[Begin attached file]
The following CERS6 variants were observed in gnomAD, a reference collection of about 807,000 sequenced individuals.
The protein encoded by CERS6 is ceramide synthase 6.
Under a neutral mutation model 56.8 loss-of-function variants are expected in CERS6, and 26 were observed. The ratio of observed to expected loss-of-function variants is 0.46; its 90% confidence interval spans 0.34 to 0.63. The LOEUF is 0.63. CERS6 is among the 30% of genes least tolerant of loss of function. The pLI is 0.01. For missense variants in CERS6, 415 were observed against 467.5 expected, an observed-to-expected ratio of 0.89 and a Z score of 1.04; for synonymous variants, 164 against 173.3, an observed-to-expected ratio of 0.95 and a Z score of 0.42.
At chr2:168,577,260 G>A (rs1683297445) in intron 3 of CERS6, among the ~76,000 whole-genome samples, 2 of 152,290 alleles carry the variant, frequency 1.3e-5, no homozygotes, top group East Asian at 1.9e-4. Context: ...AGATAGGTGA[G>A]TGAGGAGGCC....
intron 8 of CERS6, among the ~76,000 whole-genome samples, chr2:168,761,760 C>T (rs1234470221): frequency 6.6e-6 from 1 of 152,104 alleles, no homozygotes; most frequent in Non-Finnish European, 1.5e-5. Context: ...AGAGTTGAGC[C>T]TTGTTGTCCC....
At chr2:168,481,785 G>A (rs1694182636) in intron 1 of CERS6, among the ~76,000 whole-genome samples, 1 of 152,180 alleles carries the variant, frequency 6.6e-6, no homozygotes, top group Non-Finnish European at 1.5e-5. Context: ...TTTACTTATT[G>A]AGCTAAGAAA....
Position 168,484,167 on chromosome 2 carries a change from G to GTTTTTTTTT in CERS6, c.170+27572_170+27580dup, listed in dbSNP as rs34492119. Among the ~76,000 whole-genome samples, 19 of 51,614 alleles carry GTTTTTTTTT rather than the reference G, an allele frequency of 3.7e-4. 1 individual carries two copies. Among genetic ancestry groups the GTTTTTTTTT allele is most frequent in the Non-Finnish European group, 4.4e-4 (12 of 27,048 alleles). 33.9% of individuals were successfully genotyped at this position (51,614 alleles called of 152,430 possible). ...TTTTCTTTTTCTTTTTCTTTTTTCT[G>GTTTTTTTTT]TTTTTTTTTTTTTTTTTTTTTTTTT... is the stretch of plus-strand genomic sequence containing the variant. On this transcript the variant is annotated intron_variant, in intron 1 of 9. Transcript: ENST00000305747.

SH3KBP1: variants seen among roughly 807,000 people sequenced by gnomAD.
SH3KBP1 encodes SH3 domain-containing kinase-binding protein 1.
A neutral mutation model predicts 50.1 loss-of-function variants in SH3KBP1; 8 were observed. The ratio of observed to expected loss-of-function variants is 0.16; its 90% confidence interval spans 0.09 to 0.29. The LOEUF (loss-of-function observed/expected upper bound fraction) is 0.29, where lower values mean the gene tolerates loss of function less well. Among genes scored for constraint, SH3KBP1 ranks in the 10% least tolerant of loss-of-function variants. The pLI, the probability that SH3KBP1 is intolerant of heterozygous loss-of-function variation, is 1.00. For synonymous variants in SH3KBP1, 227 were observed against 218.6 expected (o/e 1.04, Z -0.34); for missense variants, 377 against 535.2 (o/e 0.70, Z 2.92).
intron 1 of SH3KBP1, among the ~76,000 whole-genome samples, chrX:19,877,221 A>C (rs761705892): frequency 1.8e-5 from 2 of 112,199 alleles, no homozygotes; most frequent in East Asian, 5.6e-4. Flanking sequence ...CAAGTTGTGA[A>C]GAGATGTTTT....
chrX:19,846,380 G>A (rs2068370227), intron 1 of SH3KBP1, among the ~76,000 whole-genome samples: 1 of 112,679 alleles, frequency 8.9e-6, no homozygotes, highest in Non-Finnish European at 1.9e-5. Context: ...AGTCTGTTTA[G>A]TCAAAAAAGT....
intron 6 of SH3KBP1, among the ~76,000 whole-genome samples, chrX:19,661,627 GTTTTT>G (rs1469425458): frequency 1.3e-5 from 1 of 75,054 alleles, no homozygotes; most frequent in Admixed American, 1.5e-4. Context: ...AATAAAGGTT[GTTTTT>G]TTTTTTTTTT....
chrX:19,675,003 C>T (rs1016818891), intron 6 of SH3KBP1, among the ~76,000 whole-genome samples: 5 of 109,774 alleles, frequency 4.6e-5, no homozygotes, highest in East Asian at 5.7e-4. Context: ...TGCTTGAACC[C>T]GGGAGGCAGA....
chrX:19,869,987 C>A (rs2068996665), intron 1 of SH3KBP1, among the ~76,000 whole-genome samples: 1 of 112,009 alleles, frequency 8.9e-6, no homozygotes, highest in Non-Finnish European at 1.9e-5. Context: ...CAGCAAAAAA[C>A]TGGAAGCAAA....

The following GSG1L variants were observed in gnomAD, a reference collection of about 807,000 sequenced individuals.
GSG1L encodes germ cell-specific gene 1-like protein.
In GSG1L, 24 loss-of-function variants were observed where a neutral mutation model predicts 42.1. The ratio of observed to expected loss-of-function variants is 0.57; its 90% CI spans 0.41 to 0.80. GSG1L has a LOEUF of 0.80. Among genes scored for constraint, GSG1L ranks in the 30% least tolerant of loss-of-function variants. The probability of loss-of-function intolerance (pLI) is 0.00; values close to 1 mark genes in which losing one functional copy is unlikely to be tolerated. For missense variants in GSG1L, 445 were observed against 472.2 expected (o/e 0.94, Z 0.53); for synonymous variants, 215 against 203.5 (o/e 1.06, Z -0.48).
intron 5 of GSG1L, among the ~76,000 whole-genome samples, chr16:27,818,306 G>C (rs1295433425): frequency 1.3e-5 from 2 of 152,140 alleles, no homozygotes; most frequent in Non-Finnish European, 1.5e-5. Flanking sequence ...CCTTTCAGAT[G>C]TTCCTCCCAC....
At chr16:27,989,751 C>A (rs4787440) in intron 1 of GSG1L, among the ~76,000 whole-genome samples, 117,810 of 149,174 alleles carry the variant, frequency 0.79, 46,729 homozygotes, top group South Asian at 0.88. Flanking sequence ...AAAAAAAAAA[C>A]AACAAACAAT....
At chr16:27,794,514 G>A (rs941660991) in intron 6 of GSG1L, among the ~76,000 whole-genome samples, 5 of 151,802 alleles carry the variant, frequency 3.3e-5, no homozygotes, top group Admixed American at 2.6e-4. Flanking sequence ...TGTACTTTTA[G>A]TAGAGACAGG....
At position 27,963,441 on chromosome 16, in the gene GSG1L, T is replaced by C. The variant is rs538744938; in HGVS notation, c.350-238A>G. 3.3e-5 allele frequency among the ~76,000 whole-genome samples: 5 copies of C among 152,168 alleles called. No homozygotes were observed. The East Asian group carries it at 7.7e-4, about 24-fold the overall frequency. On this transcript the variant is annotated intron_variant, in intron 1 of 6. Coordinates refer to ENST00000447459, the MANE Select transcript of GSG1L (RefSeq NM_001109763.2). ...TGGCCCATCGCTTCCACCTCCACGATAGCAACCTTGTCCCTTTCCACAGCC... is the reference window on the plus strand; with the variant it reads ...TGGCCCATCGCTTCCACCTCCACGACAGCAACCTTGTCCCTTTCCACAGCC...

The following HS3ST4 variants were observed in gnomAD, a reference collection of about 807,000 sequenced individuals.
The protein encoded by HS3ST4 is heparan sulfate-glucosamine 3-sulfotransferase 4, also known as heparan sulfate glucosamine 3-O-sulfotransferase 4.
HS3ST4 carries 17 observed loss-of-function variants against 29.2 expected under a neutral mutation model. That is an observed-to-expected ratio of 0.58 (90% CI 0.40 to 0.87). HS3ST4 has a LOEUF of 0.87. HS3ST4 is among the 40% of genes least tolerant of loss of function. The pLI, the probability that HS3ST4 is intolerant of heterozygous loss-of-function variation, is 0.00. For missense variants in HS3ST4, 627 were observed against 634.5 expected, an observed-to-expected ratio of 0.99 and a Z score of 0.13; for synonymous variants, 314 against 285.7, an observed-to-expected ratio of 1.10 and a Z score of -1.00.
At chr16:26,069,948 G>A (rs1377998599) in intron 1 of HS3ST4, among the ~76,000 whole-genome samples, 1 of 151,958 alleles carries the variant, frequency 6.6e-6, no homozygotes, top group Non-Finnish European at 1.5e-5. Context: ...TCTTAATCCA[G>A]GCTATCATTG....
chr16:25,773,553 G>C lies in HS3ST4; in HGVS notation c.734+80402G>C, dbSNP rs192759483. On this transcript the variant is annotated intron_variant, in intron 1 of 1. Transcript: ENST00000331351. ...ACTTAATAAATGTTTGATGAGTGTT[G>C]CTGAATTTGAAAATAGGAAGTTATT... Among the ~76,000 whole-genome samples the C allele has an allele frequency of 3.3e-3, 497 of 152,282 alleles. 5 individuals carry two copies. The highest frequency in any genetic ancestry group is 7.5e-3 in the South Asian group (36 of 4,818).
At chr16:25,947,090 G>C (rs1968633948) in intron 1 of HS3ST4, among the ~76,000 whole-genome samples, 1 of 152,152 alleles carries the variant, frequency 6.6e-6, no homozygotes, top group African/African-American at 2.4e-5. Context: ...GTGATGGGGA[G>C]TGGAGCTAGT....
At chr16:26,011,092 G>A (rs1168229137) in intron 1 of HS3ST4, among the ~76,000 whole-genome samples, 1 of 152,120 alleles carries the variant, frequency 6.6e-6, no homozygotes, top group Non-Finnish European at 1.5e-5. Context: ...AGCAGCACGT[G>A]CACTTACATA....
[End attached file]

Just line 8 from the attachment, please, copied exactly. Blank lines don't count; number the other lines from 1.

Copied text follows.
SH3KBP1: variants seen among roughly 807,000 people sequenced by gnomAD.